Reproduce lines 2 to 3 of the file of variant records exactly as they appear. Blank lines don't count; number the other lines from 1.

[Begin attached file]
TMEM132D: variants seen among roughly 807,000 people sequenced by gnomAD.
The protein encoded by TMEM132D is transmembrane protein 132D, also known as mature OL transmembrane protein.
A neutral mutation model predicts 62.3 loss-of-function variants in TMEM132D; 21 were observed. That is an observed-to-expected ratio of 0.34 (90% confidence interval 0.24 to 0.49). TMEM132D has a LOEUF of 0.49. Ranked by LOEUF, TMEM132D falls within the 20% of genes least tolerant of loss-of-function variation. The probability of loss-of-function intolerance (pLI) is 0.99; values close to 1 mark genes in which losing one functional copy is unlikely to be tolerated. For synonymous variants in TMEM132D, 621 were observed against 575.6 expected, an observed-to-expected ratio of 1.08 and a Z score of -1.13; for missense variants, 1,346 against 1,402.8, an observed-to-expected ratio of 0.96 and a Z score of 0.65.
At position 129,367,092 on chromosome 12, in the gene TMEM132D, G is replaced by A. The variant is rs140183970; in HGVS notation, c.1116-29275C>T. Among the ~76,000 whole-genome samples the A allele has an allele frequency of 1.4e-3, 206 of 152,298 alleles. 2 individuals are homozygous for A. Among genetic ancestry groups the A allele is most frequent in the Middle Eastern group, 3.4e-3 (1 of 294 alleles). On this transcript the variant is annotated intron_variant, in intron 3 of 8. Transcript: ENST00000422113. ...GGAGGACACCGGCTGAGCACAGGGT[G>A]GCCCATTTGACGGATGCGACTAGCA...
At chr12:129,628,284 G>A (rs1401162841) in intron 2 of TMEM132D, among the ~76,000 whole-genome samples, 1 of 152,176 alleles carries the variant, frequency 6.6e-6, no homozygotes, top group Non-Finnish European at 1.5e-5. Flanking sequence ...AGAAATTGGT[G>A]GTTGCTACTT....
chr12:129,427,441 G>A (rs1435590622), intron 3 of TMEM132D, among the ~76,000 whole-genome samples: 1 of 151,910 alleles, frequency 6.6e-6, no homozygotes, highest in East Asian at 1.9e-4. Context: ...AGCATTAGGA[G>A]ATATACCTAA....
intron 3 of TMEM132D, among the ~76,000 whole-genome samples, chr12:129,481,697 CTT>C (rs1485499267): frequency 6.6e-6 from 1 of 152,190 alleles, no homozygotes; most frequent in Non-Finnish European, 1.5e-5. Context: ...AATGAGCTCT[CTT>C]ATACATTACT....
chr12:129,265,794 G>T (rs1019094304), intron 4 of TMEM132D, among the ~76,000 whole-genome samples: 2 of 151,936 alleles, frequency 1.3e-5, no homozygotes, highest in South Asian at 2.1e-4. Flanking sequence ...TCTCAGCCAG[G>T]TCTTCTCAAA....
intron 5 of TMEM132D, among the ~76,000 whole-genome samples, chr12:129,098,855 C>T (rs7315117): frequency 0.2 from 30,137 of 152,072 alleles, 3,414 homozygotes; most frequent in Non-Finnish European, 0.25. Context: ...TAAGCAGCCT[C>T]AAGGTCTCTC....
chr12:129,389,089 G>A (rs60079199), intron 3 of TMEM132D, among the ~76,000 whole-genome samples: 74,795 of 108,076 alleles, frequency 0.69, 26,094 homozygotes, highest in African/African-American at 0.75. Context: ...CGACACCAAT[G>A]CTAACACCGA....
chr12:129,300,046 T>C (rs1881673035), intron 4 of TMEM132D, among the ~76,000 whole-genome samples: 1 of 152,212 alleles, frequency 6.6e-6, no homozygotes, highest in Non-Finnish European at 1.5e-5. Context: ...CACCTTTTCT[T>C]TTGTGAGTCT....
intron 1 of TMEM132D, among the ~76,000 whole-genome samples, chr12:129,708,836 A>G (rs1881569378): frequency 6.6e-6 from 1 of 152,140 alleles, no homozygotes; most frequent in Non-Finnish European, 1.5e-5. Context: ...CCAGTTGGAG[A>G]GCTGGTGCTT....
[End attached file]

The protein encoded by TMEM132D is transmembrane protein 132D, also known as mature OL transmembrane protein.
A neutral mutation model predicts 62.3 loss-of-function variants in TMEM132D; 21 were observed. That is an observed-to-expected ratio of 0.34 (90% confidence interval 0.24 to 0.49). TMEM132D has a LOEUF of 0.49. Ranked by LOEUF, TMEM132D falls within the 20% of genes least tolerant of loss-of-function variation. The probability of loss-of-function intolerance (pLI) is 0.99; values close to 1 mark genes in which losing one functional copy is unlikely to be tolerated. For synonymous variants in TMEM132D, 621 were observed against 575.6 expected, an observed-to-expected ratio of 1.08 and a Z score of -1.13; for missense variants, 1,346 against 1,402.8, an observed-to-expected ratio of 0.96 and a Z score of 0.65.